Today, Westpac had announced an anticipated change to its provisions, expecting a new and probably increased value to it as well as asset write-downs. This will total in an approximate of $1,430 million after-tax. As one would imagine, this will put a dent in the earnings of the Group for 2020’s first half (1H20). These items will also enact a reduction in statutory net profits after tax.
Expecting To Dock Out $900 Million
After the proceedings that AUSTRAC had launched back on the 20th of November, 2019, Westpac had been in discussions and mediations with AUSTRAC. These talks were made with the goal of agreeing to a Statement of Agreed Facts and Admissions, coupled with the proposed penalty that could be put to the Court with Austrac, using a joint basis.
Westpac has taken the information available to the Group, before concluding that the expected provision for the entire debacle would be around $900 million. This accounts for all potential liabilities expected in regards to the claims from AUSTRAC.
Rolling With The Punches
In the end, the decision from the Court in regards to appropriate penalties will hinge on a broad array of different, complex, and competing factors. It must thus exercise discretion, according to Westpac. Westpac stated that the actual penalty paid by the Group after a joint submission or a settlement was made on the penalty may be lower or even higher than the provision made, as it’s only an estimate on something yet to happen.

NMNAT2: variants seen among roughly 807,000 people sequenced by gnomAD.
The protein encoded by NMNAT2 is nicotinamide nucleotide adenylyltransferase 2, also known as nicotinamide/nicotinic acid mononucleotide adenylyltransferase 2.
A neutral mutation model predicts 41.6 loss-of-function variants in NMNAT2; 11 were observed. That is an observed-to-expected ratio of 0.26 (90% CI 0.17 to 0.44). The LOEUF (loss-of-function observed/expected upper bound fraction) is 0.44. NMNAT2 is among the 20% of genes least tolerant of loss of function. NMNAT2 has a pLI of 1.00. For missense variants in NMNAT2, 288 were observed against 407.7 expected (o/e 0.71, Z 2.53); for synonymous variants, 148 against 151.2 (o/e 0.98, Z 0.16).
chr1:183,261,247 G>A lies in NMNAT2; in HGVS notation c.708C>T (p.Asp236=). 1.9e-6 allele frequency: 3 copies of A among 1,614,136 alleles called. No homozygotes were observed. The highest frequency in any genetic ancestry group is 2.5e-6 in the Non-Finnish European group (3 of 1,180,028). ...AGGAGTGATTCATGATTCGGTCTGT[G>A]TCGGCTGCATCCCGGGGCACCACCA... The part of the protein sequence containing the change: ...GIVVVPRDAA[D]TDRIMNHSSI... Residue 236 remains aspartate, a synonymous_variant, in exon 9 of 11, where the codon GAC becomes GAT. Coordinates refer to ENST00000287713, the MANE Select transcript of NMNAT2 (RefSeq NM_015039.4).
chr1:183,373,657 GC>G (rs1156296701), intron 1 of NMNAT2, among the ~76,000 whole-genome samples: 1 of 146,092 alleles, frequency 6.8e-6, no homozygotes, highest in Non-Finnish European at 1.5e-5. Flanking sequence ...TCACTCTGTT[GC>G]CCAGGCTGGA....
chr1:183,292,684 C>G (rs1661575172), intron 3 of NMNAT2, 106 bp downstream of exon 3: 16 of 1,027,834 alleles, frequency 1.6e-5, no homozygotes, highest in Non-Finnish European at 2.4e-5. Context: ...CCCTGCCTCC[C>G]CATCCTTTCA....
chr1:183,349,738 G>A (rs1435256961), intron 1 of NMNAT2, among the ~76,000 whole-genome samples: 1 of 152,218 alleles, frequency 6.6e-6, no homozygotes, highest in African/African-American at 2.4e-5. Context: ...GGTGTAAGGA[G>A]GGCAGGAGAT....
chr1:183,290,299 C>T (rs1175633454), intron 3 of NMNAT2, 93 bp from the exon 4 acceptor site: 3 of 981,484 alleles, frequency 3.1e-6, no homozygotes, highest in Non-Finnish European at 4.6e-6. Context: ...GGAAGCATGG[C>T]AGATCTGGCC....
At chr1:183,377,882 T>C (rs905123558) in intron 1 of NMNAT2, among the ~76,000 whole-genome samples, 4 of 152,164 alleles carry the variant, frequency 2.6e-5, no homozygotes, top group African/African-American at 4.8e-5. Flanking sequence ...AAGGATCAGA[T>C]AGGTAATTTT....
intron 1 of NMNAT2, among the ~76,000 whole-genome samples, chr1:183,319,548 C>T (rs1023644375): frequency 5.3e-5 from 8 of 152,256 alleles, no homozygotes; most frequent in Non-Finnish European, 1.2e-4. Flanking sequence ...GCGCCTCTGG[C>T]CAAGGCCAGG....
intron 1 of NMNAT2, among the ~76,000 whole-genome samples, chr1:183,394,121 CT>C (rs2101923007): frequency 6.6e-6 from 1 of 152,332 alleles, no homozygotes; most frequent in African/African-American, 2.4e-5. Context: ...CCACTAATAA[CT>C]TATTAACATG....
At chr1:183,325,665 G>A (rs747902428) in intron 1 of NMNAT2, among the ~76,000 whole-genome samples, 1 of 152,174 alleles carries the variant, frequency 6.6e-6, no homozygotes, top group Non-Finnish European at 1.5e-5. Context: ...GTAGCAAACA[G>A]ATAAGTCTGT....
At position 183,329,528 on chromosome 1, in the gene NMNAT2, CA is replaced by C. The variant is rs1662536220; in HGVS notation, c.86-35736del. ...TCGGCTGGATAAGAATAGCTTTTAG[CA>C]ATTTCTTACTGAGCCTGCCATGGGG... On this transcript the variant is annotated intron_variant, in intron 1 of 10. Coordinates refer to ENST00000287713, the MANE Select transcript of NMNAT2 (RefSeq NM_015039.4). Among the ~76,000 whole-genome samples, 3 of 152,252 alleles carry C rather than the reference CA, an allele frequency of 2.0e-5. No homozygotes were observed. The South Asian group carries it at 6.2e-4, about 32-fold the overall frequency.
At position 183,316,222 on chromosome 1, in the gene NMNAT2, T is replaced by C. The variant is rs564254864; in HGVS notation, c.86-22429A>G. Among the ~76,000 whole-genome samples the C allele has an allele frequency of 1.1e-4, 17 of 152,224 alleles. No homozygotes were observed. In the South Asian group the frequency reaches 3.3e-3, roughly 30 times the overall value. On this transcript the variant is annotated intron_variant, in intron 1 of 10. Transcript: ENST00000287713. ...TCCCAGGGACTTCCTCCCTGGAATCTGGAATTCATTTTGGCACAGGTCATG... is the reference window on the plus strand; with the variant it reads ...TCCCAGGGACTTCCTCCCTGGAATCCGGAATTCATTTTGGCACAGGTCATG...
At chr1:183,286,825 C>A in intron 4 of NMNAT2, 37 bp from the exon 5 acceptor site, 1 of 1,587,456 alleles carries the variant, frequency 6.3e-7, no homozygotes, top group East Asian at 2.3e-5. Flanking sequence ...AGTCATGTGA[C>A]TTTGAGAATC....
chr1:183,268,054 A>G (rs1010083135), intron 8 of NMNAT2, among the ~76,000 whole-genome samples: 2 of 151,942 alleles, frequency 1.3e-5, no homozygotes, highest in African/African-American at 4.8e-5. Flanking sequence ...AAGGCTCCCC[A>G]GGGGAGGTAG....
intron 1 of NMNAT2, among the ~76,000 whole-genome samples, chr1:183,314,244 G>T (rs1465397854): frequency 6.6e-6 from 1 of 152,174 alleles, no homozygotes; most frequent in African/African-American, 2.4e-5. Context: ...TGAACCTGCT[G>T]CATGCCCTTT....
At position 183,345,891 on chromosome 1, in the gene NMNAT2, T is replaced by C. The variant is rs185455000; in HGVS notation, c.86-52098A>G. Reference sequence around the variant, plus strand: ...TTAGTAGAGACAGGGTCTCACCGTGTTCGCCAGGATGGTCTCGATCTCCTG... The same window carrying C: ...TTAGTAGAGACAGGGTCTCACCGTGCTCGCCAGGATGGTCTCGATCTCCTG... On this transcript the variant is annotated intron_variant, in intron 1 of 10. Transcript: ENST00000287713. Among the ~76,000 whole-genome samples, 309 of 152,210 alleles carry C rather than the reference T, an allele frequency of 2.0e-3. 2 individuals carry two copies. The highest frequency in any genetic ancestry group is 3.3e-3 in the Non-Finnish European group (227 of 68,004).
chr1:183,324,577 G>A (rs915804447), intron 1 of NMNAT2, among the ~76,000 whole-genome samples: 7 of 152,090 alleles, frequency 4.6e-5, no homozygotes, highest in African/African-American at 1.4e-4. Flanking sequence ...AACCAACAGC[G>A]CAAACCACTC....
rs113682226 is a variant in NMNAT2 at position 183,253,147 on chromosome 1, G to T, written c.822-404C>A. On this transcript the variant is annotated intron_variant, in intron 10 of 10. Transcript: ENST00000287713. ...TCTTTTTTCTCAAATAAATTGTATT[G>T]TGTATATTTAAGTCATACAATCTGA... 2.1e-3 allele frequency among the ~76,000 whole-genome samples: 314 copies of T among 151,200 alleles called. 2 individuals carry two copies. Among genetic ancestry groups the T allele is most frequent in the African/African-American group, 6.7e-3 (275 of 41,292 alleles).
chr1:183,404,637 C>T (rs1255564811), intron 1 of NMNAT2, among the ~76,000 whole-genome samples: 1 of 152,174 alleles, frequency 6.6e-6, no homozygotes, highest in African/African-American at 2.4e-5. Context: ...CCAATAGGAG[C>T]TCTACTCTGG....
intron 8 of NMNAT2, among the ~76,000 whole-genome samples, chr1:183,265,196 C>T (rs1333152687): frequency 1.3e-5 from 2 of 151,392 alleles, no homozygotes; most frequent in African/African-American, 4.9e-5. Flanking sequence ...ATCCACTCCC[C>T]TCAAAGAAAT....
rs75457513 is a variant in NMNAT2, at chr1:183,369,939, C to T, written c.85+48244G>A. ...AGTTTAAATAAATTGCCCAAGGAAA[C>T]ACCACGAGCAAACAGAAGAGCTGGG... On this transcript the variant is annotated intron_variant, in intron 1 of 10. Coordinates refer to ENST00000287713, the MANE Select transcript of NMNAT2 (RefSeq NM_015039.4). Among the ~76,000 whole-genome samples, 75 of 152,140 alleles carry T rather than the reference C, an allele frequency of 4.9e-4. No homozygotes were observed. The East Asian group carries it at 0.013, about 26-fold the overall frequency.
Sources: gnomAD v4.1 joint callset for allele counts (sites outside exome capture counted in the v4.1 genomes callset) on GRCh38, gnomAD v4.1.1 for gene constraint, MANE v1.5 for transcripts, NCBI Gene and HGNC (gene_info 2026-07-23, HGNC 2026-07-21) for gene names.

Furthermore, Westpac expects another hit, primarily from cash earnings. The expected amount clocks in at $130 million in cash and the costs have been linked to the AUSTRAC response plan in order to help improve its financial crime programs.
Furthermore, it will provide further support and resources working to eradicate the exploitation of children, as well as support initiatives within the industry to monitor financial crime. When the numbers are crunched, the total cost for all this, pre-tax, stands at about $160 million and includes the response plan estimates that had been disclosed prior, which totaled at $60 million. This stands alongside higher levels of costs linked to the enhancement of the Group’s financial crime program, as well as higher levels of legal expenses.
Other items that may affect the results for 2020’s first half for Westpac, is the overall reduction in the value of several assets, which cost $70 million after-tax. An increase in provisions in regards to customer refunds, litigation, and repayments has been set to about $260 million after-tax. Lastly, an expected cost of provision changes of group life insurance has been set at around $70 million after-tax.